As the weeks and months passed with her living with us, her cancer stopped growing and the doctors went into a “watch and wait” pattern. Mom took it to mean her cancer was gone completely. This false narrative made her challenging to deal with when it came to facing other medical issues. Her IBS, only diagnosed two months before this hospital stay, was the cause of her constant diarrhea over the last couple of years.
Mom had always been a very difficult woman to be around. My motives in taking her in were to give her a home, a genuine family atmosphere, something she rarely experienced in her life. My intention was also to take care of her every need, no matter what it would cost us. Unfortunately, the cost was much more than I imagined, but not financially. Rather, the weight of Mom’s presence in our home came to be a very heavy burden.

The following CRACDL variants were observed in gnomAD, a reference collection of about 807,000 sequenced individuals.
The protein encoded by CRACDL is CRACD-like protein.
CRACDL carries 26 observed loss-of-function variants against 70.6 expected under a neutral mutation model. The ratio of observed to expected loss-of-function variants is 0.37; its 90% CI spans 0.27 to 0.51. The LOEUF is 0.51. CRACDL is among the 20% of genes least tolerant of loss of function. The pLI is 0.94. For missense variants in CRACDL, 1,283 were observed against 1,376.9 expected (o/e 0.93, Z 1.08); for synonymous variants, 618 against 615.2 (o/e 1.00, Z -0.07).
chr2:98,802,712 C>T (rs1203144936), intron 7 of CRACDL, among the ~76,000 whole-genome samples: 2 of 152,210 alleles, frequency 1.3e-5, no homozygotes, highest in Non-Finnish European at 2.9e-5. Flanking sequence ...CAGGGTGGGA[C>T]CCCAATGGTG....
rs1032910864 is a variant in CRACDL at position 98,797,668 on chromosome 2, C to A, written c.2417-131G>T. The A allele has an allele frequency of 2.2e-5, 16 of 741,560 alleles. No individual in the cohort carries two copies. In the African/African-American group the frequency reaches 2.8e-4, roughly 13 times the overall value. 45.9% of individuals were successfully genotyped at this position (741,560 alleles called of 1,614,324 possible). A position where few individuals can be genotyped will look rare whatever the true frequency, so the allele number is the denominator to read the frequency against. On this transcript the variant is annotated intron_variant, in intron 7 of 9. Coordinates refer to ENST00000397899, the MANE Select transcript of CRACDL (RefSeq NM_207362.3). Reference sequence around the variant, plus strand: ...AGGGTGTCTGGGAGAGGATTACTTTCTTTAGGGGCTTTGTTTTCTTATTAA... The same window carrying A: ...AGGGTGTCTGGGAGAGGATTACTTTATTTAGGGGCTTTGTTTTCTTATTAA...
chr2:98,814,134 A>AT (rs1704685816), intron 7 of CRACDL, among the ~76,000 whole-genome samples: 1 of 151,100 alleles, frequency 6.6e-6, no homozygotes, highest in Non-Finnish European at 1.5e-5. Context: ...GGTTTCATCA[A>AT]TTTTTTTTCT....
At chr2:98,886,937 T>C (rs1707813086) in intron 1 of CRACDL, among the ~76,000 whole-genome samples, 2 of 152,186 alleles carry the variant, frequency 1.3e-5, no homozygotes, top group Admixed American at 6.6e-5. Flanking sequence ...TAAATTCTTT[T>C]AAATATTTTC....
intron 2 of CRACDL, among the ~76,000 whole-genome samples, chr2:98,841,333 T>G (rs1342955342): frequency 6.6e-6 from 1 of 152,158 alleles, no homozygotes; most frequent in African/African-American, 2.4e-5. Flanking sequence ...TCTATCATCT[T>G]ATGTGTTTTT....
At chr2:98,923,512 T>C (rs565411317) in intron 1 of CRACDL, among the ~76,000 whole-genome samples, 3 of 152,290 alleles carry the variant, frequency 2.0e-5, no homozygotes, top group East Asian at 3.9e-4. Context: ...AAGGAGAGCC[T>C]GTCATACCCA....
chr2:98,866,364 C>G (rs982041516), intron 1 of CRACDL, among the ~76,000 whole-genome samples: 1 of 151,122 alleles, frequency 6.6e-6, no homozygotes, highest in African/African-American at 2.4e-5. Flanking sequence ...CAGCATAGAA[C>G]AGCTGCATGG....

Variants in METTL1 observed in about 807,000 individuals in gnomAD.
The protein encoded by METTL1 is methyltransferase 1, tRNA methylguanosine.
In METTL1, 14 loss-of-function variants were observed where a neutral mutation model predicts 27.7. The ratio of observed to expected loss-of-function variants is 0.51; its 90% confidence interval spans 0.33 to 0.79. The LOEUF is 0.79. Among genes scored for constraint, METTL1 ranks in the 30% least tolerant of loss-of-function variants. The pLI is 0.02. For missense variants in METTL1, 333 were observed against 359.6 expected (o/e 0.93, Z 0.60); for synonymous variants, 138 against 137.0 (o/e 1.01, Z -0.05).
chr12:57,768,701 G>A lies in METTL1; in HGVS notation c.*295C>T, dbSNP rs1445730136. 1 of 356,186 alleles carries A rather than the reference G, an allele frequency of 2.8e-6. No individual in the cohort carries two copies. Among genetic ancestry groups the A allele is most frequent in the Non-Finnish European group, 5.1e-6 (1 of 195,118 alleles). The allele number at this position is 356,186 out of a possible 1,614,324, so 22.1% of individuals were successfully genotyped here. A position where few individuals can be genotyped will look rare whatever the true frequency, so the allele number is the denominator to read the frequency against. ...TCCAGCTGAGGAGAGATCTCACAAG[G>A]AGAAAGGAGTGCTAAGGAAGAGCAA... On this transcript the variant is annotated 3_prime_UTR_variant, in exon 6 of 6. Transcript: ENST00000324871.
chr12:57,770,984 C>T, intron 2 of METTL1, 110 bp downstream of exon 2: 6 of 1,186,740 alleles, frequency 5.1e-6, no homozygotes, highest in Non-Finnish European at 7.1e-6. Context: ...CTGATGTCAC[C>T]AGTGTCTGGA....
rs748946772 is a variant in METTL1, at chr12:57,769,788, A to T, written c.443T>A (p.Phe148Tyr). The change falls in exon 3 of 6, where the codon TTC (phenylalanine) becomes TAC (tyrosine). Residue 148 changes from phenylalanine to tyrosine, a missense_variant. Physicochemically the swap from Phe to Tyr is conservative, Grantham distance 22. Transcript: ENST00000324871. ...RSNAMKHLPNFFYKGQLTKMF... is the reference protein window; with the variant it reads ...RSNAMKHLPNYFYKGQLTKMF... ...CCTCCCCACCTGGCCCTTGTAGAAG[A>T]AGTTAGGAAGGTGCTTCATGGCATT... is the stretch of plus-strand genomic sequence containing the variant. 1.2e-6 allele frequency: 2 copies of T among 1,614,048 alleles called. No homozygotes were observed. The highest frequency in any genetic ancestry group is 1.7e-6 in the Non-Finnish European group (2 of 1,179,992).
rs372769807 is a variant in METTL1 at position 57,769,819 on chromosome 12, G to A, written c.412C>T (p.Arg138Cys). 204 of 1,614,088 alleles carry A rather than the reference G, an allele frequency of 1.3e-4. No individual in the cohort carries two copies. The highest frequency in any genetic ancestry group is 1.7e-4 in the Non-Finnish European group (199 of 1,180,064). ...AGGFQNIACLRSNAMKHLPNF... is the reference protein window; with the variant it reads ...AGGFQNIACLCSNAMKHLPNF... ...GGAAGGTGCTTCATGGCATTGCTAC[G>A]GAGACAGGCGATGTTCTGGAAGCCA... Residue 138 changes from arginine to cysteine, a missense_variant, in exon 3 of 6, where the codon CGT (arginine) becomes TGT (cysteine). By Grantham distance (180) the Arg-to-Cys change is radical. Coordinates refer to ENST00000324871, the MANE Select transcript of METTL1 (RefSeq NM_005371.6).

When we moved Mom into her own place five days ago, her exhausting, controlling nature within our home finally had its end. We found this beautiful apartment that she could call her own. She was happy, as was my family now that she had her own residence.
The doctors ran all kinds of tests to determine Mom’s condition while she was in the emergency room. All the tests were negative. However, two things caused the doctors to move her to a room where she would stay overnight: Her chest x-ray came back, showing a dark circle within her lungs, and her blood pressure and heart rate were quite low. So, they kept her in the hospital to keep an eye on her. Otherwise, they would have been ready to release her. With that assurance, the doctor had expressed hope that she would be going home soon. His words brought me calm in this uncertainty.
Sleeping in that recliner had made my back sore. Yet I sat in it again now and reflected on Mom’s startling choice from yesterday. While in the emergency room, I had stepped away to grab a bite to eat. A record-keeping assistant had come in to gather information from Mom, who had been fully cognizant and answered all his questions amiably. He was gone by the time I got back to her room. She had summarized the visit with these words, “He asked if I wanted to be resuscitated if my heart stopped. I told him no!” She had spoken in a quiet, confident, almost eerie tone. Now the words repeated themselves over and over in my head.